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Survival of Phytophthora ramorum Chlamydospores at high and low temperaturesAuthor(s): Paul W. Tooley; Marsha Browning
Source: In: Frankel, Susan J.; Kliejunas, John T.; Palmieri, Katharine M., tech. coords. 2008. Proceedings of the sudden oak death third science symposium. Gen. Tech. Rep. PSW-GTR-214. Albany, CA: U.S. Department of Agriculture, Forest Service, Pacific Southwest Research Station. p. 475
Publication Series: General Technical Report (GTR)
Station: Pacific Southwest Research Station
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DescriptionChlamydospores were produced as described by Colburn and Shishkoff (Phytopathology 96:S25). Samples (5cc) of chlamydospores in sand inoculum were placed in 15 ml conical plastic test tubes and incubated at selected temperatures for 1, 2, 3, 4, and 7 days. Following incubation, tube contents were resuspended in 0.2 percent water agar and 1 ml was plated onto PARPH selective medium amended with 4 percent clarified V8 juice. Numbers of colonies resulting from germinated chlamydospores were assessed microscopically. High temperature treatments included 30, 35, and 40°C while low temperature treatments included 0, -10, and -20°C. All experiments also included chlamydospores placed at 20°C as positive controls. Near 100 percent survival was observed at temperatures of 0°C and for the 20°C controls for up to 7 days in the low temperature treatments, while almost no survival occurred at -10 or -20°C over the 7 day period. For the high temperature treatments, high levels of chlamydospore germination were observed over the 7 day period at 30°C and for the 20°C controls, while no growth was observed at 40°C. At 35°C, high levels of chlamydospore germination were observed at day 1, but growth declined steadily and was zero by 7 days. These results help define the temperature conditions under which chlamydospores of P. ramorum survive, and provide information to help define treatments aimed at inactivating chlamydospores in soil substrates.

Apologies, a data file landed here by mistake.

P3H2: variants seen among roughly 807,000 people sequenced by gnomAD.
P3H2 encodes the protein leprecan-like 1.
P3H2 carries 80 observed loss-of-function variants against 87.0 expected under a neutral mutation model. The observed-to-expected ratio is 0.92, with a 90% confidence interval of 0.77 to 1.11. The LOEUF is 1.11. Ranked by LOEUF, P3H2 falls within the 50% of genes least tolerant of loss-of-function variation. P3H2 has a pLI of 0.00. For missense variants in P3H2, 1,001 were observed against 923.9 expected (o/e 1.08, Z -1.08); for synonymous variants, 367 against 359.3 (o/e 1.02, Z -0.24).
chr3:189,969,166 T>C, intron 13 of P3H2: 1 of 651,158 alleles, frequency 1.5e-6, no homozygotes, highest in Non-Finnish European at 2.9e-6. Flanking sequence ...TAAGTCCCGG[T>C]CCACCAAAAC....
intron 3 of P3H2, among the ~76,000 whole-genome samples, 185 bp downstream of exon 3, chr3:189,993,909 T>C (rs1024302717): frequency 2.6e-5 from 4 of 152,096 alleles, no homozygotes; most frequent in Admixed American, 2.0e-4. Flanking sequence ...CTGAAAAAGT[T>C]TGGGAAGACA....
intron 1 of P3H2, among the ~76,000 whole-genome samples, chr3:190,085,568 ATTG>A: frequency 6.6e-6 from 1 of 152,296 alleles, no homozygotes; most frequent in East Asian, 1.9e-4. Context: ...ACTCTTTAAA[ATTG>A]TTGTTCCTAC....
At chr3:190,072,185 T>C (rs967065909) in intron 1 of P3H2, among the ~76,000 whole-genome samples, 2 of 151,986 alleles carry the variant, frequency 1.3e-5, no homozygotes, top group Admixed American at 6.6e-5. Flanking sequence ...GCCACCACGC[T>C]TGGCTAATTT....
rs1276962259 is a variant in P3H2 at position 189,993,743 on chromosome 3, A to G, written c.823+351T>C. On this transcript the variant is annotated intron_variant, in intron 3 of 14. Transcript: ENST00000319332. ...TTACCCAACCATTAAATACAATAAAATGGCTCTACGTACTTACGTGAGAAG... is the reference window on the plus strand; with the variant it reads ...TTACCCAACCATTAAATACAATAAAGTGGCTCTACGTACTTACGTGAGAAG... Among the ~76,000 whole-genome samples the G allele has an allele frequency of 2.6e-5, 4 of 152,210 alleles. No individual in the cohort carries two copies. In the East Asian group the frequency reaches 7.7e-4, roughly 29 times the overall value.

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CitationTooley,Paul W.; Browning, Marsha 2008. Survival of Phytophthora ramorum Chlamydospores at high and low temperatures. In: Frankel, Susan J.; Kliejunas, John T.; Palmieri, Katharine M., tech. coords. 2008. Proceedings of the sudden oak death third science symposium. Gen. Tech. Rep. PSW-GTR-214. Albany, CA: U.S. Department of Agriculture, Forest Service, Pacific Southwest Research Station. p. 475
KeywordsPhytophthora ramorum, chlamydospore survival
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